Sonic Boom | HQFU
6th September 2021
Sonic Boom plays a concise and considered set to Glasgow’s Stereo. Rhys Delany reviews.
The support for the night came from Glasgow based producer Sarah J Stanley also known as HQFU. A solo artist who specializes in electronic soundscapes and softly spoken effect soaked vocals. Her set began with a soft start but as the songs blended into one another and the beats got heavier; HQFU’s music took on a form of its own. The influences were varied as the set progressed through the motions of darkwave, techno and deep house. By the end of the set the crowd were swaying and HQFU was warmly received. Her set mirrored that of Sonic Boom, both artists stood solo accompanied only by machines; there was a sense of isolation but not loneliness.
At the risk of sounding like a sycophantic cliche; Pete Kember is an icon of the UK indie music scene. The lo-fi feedback of Spacemen 3 is still heard in the echo’s of the current independent music scene, and Kember’s own DIY electronic experiments have been modestly appreciated for a few decades. In 2020 he released his first full-length solo album in 12 years, All Things Being Equal, and tonight he presented it in full form.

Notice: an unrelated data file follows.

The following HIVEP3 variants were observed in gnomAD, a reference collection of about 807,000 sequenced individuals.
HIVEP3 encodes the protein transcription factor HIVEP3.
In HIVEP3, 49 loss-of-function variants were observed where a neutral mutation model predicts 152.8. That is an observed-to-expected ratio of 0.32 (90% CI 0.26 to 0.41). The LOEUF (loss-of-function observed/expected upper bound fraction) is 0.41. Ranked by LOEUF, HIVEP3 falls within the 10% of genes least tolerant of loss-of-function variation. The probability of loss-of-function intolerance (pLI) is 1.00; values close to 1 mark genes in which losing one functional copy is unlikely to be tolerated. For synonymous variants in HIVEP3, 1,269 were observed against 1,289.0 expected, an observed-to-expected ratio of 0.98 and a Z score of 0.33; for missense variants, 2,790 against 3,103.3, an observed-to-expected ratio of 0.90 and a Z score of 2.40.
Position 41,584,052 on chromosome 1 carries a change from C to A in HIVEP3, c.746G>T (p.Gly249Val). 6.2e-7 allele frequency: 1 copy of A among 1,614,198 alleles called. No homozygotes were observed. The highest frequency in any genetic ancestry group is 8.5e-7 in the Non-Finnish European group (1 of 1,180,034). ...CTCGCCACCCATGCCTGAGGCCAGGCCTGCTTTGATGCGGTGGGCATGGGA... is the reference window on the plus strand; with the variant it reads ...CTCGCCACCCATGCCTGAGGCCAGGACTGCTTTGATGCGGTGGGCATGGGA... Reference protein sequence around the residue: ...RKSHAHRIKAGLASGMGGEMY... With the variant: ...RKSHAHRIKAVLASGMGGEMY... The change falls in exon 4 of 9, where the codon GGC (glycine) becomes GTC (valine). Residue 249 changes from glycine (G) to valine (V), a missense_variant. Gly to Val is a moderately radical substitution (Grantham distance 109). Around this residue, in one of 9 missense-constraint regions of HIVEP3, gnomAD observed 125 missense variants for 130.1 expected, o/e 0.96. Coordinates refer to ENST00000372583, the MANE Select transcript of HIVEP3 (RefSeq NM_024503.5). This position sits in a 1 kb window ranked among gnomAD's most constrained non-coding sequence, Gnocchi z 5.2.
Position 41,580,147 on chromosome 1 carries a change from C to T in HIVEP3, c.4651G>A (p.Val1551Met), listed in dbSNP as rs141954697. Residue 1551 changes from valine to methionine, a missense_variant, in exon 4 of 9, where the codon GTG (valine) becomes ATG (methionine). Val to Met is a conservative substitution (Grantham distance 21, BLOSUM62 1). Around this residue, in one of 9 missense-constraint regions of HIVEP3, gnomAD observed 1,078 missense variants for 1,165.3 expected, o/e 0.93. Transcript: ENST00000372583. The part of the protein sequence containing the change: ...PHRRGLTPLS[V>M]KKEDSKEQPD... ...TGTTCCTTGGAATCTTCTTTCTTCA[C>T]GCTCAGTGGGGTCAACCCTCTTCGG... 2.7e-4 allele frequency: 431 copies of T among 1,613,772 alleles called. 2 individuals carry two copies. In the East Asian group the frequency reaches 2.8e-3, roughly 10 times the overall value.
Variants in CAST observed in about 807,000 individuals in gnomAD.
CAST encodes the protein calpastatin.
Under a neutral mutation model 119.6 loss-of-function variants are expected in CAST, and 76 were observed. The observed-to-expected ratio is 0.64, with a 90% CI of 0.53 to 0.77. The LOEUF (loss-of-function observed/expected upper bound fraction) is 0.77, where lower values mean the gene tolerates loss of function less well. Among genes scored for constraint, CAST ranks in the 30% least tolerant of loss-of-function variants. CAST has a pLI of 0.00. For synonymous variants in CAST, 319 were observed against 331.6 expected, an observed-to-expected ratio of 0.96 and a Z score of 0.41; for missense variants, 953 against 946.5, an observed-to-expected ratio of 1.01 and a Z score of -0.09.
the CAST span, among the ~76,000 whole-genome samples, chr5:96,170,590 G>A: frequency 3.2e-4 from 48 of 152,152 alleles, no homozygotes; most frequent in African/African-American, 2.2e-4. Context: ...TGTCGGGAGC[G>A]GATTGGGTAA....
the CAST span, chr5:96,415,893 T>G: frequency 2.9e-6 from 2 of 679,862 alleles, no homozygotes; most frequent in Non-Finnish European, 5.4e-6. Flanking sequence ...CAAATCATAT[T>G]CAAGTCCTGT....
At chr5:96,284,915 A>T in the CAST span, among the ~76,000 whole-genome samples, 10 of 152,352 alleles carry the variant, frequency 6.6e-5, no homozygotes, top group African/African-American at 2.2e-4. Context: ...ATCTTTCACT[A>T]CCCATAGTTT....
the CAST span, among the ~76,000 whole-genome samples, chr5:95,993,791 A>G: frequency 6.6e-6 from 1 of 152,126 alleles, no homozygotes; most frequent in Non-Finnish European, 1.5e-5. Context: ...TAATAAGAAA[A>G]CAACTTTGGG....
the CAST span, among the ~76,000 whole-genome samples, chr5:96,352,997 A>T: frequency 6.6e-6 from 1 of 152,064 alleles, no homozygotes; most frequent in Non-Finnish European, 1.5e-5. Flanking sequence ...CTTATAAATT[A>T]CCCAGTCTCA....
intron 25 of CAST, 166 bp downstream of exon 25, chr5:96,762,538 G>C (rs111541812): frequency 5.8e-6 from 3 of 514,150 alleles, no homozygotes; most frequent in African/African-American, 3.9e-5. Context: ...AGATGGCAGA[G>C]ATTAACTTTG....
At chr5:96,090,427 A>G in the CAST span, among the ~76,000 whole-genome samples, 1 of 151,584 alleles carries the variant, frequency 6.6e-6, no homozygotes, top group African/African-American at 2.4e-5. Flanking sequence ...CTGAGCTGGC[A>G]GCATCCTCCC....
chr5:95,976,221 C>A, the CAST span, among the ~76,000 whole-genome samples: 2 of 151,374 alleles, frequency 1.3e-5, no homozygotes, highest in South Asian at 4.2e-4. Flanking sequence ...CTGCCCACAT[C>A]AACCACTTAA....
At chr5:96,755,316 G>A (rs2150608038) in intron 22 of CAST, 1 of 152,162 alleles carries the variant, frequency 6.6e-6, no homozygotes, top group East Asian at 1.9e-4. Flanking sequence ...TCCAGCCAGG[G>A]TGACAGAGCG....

When he took to the stage Kember sheepishly announced that he will be playing a ‘straight-set, only the new album, no encores’. A statement that may have rubbed some audience members the wrong way as, much like myself, they expected maybe a few Spacemen 3 classics.
As Kember switches on the various electronic components assembled on his desk the pounding bass line of Just Imagine takes hold and triggers a light show that only a spaceman could conjure. Lasers shot through a smoke covered stage while psychedelic patterns covered both Kember and the walls. The lights formed shapes, waves and bubbles as the repetitive drone rhythms blended to create a hypnotic effect all at the hands of Sonic Boom.
With the setlist being a straight performance of All Things Being Equal, Kember played through each track without leaving much room for audience participation or applause. The only moment of interaction was when he introduced I Can See Light Bend as a homage to Delia Derbyshire and Doctor Who. As is obvious to any Spacemen 3 fan, Kember has proudly worn his influences on his sleeve and tonight was no different. The beeps and buzzes felt like a kaleidoscopic look into a world of krautrock, taking us on a journey of Harmonia and Kraftwerk with songs such as Just A Little Piece of Me and Tawkin Techno.
The show certainly was not a Spacemen 3 show or a Spectrum show or an Experimental Audio Research show. It was a Sonic Boom show. There was something quite mournful in the way Kember announced he’d only be playing the new album and he could perhaps be criticised for relying on his past work too much. However, this show has brought out maturity in his music. Standing on his own and presenting his new work almost felt like a shedding of his old self.
All words by Rhys Delany. More of his writing can be found on his Authors Archive.